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Zinc, its Extraction, Properties and Uses

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Zinc is a transition element but does not possess most on the characteristic features of other transition elements. For instance, it does not form colored ions; it has only one oxidation state, +2 and it is not used as a catalyst. However, it does form complexes. Its configuration is such that it has completely filled 3d orbitals even when it exists as an ion.

 

Zinc is a moderately reactive metal and does not occur free in nature. It is found mainly as zinc carbonate known as calamite and zinc sulphide(ZnS) known as Zinc blende. In Nigeria, zinc is found in Abakaliki, Ogoja and Taraba.

 

 

 

                          Extraction of Zinc

 

The ores of zinc are concentrated and roasted in air to produce zinc oxide. The oxide is then mixed with coke and heated to a temperature of about 1300*C in a fireclay retort to give zinc and carbon(II)oxide. The zinc produced distills over as vapour and then condenses into a liquid in a container. The carbon(II)oxide produced in the reaction also helps in the reduction of the zinc ores.

 

The zinc produced has traces of impurities such as cadmium, lead and iron. It is then purified by re-distillation or by electrolysis. In order to get granulated zinc, molten zinc is run into water.

 

 

 

 

 

          Physical and Chemical Properties of Zinc

 

The physical properties of zinc are very important because it to a large extent, determines the use and application of zinc in manufacturing processes in industries.

 

(i) It is bluish-white in color and has a solid luster

 

(ii) It has a relative density of 7.1

 

(iii) Zinc is malleable and ductile between the temperatures of 100-150*C. it is brittle at room temperature and at temperatures above 200*C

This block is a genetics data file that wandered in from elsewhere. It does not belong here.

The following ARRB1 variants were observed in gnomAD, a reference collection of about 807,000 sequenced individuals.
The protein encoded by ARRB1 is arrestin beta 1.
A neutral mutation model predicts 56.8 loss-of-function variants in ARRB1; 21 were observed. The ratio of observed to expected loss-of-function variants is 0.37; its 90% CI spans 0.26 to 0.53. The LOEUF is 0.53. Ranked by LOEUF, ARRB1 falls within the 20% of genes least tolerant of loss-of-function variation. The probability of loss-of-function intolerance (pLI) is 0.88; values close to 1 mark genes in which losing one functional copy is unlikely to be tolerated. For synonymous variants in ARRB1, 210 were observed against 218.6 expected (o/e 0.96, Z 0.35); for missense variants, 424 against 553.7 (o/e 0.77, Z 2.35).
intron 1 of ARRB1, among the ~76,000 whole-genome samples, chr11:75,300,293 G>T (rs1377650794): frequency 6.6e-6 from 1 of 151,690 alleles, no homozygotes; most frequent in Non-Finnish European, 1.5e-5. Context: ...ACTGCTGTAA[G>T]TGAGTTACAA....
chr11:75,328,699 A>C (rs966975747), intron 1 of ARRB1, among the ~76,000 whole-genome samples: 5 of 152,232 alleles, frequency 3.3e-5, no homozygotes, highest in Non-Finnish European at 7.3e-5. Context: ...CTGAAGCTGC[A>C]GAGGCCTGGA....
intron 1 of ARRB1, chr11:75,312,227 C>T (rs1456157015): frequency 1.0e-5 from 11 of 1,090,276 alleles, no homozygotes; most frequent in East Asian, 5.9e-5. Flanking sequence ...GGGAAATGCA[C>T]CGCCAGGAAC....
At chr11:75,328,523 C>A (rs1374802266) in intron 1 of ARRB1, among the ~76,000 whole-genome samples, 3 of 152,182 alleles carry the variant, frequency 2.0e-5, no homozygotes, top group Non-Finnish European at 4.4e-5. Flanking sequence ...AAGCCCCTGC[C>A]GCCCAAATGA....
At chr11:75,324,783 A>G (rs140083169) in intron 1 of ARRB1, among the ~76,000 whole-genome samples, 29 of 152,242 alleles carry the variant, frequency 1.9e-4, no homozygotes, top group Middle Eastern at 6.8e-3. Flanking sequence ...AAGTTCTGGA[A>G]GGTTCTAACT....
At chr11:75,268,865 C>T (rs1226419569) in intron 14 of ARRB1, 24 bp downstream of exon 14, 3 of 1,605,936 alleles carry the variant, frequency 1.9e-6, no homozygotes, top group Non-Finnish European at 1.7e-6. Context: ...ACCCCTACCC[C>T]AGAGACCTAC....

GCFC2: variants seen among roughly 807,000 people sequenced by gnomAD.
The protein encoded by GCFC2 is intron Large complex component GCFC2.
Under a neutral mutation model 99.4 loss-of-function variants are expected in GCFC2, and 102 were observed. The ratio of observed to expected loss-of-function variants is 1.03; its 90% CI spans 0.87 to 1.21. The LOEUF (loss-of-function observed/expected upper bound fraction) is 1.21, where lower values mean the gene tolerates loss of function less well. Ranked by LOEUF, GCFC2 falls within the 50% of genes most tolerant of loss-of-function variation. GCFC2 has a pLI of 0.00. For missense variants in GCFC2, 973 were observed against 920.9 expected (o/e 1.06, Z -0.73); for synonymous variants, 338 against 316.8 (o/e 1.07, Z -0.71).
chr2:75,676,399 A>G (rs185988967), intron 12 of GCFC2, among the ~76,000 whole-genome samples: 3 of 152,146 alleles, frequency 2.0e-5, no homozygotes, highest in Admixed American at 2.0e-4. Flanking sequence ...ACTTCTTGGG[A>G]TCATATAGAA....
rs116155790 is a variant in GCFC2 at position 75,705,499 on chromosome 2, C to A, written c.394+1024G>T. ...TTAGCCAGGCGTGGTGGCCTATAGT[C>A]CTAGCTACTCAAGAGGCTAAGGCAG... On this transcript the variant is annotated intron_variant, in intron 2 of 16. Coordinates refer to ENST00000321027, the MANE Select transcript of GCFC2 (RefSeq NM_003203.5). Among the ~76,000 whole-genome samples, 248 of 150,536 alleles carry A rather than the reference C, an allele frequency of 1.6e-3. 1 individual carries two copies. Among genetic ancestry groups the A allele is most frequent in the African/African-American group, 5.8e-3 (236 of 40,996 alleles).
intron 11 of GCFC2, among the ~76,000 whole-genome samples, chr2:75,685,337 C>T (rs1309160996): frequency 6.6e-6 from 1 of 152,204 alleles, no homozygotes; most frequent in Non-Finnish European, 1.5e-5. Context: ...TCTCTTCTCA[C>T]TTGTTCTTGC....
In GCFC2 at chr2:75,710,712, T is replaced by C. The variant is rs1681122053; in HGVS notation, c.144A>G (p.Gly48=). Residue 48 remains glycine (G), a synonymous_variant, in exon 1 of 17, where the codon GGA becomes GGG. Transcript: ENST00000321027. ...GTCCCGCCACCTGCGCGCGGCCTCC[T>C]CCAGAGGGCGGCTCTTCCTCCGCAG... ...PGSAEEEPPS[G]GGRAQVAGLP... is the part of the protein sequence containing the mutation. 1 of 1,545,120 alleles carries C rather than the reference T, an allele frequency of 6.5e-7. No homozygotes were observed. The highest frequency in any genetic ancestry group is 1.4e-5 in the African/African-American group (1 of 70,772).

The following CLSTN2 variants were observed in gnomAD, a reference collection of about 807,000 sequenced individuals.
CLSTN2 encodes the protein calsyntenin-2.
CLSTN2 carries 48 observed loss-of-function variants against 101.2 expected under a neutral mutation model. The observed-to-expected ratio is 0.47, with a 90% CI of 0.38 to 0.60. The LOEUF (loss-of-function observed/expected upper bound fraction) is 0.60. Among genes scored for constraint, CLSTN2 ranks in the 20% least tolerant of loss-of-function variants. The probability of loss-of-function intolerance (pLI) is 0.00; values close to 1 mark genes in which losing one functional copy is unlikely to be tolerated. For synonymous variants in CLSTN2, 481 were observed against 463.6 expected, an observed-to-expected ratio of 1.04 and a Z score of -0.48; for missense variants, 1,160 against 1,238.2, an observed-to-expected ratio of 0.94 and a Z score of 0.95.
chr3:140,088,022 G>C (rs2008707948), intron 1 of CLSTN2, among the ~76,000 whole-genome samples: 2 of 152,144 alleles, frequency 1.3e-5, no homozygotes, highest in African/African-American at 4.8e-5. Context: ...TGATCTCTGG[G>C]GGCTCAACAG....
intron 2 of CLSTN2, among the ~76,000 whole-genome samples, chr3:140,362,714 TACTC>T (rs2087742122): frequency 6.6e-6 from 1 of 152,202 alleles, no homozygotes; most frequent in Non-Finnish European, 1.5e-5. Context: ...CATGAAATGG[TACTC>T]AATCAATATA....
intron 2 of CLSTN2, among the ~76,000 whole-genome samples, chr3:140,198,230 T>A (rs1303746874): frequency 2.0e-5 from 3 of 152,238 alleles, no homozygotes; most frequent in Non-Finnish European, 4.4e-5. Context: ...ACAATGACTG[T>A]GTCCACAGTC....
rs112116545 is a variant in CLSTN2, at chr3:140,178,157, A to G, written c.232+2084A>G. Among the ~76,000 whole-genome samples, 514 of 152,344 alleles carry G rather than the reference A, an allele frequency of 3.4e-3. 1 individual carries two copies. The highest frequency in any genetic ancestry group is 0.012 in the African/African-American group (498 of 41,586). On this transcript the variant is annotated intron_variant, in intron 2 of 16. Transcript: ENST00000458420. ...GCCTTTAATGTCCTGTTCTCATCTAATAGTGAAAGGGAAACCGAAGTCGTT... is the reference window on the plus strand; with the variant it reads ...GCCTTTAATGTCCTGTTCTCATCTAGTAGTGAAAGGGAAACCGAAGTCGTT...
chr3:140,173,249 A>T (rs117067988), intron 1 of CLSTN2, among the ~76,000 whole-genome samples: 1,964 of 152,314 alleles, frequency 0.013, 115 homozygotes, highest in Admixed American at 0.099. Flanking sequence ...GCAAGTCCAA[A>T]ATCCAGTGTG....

(iv) Zinc has a high tensile strength

 

(v)  Has a melting point of 419*C and

 

(vi) It is a good conductor of heat and electricity.

 

 

In terms of chemical properties of zinc,

 

(i) Zinc undergoes gradual oxidation to become coated with a layer of zinc oxide and zinc trioxocarbonate(IV). This oxidative process explains why zinc tarnishes on exposure to moist air.

 

(ii) It reacts with steam at red heat and liberated hydrogen in the process.

 

(iii) Can combine readily with non-metals such as phosphorus, the halogens and sulphur. However, it does not react with nitrogen.

 

(iv) This metal readily displaces hydrogen from dilute acids. Impurities such as arsenic or copper can greatly increase this reaction.

 

(v) It reacts with oxidizing acids such as tetraoxosulphate(VI) acid and trioxonitrate(V) acid to liberate sulphur(IV) oxide and nitrogen(II) oxide respectively.

 

(vi) Zinc reacts with alkalis to form a zincate(II) and hydrogen.

 

 

zinc watering cans

                        

              Uses of Zinc

 

(i) Zinc is used in making dry cells, foil for packaging, lithographic plates.

 

(ii) It is also used as a reducing agent in many industrial processes.

 

(iii) It is commonly used in galvanizing iron and steel products to prevent rusting. This can be achieved via electrolysis or by dipping the article into molten zinc.

 

(iv) Zinc is used in making alloys such as brass(Cu+Zn), coinage bronze( Cu+Zn+Sn)

 

Note that Zinc galvanized vessels are not used in storing food because of the huge danger posed by zinc poisoning.

 

 

 


About the Author

Tony Onwujiariri
Tony is an Avid Tech enthusiast that loves Scientific Inventions and Tech Products. He blogs Passionately on Science and Technology related niches and spends most of his time on Research in Content Management and SEO. Tony loves Sugar and has been in love with Don Williams since he was a toddler on Diapers.

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